For decades, the UK government has provided science-based recommendations and guidelines for healthy eating, but British diets still fall short of these recommendations. Understanding the population-level factors behind this shortfall is necessary so we can devise how the guidance can better serve public health.
A major influence on which foods people buy and their overall eating habits is the cost of food. Evidence has been mounting from research in the UK and other high-income countries that healthier foods and healthier diet patterns tend to cost more than less-healthy alternatives. For example, researchers have compared the retail costs of less and more healthy food groups. Or they have compared diets that differ in their nutritional quality, for example their vitamin and mineral content, or how well they align with certain healthy diet patterns. Despite this growing evidence base, there has been little empirical evidence to date to evaluate specifically whether diets that meet UK government dietary recommendations cost more than less-healthy diets.
Moreover, research on the cost of diets is not straightforward, because dietary data from national surveillance or epidemiological studies don’t usually include information on food prices or expenditures, and economic data on food spending are generally at the household-level, lacking information on food and drink actually consumed by individuals. So appropriate data have to be developed, linking information on prices or expenditures on food to dietary intake data coming from epidemiological studies or national surveillance.
A new study from CEDAR and the MRC Epidemiology Unit, published in the journal Public Health Nutrition, tested whether diets achieving recommendations from the UK’s Scientific Advisory Committee on Nutrition (SACN) was associated with higher food costs in a nationally-representative sample of UK adults. This was a cross-sectional study linking four-day diet diaries in the National Diet and Nutrition Survey Rolling Programme (2008-2012) to a commercial food price database from a market research firm. The cost that the consumer would likely have to pay for their diet was assessed in relation to whether or not the diets met eight food and nutrient based recommendations from SACN: fruit and vegetables, oily fish, red and processed meat, fibre, fat, saturated fat, sugars and salt. The analysis adjusted for potential confounding factors.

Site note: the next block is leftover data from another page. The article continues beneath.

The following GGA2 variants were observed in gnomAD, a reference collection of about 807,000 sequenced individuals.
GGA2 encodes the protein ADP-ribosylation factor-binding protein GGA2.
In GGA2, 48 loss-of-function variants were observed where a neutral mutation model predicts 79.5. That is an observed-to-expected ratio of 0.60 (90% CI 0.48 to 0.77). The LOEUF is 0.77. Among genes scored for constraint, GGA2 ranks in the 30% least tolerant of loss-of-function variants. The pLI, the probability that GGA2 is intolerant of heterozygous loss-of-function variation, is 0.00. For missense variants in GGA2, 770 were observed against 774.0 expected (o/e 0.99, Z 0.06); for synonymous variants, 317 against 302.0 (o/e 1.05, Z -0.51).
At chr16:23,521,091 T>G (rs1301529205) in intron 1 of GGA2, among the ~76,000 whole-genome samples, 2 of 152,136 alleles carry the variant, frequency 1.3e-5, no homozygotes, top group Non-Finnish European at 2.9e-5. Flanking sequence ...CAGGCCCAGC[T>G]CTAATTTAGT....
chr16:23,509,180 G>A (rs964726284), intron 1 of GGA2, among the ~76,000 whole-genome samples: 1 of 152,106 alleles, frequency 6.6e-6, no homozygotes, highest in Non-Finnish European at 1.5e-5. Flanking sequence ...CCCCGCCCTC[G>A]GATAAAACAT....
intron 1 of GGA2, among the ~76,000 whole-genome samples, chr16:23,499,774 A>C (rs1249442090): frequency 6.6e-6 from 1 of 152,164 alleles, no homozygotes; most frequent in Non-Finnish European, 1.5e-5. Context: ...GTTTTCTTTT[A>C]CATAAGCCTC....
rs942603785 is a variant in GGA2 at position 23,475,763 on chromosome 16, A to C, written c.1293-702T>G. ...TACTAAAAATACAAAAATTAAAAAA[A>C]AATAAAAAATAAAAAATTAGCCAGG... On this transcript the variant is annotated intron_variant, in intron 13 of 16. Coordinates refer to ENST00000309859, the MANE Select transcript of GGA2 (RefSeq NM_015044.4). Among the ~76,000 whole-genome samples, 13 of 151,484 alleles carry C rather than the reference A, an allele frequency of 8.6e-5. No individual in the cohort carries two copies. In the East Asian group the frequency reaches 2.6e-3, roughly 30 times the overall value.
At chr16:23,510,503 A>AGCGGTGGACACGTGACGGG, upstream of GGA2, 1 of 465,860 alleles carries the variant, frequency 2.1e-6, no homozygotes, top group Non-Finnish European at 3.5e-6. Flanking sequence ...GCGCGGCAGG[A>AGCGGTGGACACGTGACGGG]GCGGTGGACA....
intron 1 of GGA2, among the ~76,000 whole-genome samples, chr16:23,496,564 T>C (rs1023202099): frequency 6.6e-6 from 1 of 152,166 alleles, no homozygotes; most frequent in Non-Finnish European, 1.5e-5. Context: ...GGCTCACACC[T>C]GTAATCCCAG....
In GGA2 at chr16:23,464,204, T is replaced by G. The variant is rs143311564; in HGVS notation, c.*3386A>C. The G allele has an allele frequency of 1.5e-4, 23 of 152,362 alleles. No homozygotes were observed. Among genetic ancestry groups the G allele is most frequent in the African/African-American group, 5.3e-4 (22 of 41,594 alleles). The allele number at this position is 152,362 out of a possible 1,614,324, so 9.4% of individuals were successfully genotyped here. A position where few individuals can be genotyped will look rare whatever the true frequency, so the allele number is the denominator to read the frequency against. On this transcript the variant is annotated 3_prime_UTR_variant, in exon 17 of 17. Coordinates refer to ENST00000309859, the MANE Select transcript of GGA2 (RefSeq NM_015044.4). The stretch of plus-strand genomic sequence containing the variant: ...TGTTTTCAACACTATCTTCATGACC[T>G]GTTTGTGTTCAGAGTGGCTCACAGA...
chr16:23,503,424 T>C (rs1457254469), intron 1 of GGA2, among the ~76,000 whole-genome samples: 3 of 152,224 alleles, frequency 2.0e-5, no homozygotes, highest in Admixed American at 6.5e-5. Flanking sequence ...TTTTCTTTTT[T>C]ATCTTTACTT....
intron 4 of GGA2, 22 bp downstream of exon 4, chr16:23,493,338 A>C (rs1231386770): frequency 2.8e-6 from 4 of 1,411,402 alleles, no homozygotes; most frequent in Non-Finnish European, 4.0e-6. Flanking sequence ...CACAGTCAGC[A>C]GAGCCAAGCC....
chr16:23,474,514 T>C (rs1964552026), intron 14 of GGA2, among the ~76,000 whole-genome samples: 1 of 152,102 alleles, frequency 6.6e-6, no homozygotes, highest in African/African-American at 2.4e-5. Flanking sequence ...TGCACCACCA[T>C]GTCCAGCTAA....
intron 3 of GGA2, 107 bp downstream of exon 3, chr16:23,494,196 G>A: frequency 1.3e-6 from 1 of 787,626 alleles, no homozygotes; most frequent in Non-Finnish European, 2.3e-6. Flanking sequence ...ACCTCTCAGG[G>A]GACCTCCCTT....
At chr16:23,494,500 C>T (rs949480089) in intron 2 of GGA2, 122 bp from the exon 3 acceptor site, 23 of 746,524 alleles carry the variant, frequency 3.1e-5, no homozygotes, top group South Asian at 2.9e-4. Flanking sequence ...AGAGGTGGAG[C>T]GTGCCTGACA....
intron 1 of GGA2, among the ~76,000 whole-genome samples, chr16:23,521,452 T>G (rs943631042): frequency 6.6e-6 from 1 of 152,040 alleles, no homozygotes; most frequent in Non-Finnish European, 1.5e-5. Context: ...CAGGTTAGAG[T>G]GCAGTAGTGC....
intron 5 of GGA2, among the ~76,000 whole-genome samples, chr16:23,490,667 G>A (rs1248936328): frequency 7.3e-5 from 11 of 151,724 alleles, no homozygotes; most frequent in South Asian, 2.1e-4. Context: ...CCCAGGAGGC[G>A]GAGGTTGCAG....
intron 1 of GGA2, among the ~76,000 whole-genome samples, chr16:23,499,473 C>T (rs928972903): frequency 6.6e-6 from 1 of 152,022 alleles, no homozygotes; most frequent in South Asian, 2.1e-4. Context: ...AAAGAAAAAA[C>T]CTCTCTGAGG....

This study found that diets meeting the recommendations for fruit and vegetables, oily fish, sugars, fat, saturated fat and salt were estimated to be between 3% and 17% more expensive. Diets meeting the recommendation for red and processed meats were 4% less expensive, whilst meeting the recommendation for fibre was cost-neutral. Meeting multiple recommendations was also associated with higher costs: on average, diets meeting six or more SACN recommendations were estimated to be 29% more costly than diets that met none of these recommendations.
This evidence means that the extra cost of meeting dietary recommendations may pose a population-level structural barrier to the adoption of healthy diets. Interventions at different levels and different stages of the entire food system will be needed to reduce the cost of healthier diets and provide strategies that enable people, especially those with limited resources, to eat healthfully.
- Paper: Meeting UK dietary recommendations is associated with higher estimated consumer food costs: an analysis using the National Diet and Nutrition Survey and consumer expenditure data, 2008–2012. Public Health Nutrition. Jones NRV, Tong TY, Monsivais P. December 2017 doi: 10.1017/S1368980017003275
Other CEDAR resources on food cost:
- Interactive visualisation: Food price changes 2002-2015 http://epidvisualisations.medschl.cam.ac.uk/foodprice/
- Price gap between more and less healthy foods grows (October 2014) http://www.cedar.iph.cam.ac.uk/blog/price-gap-between-more-and-less-healthy-foods-grows/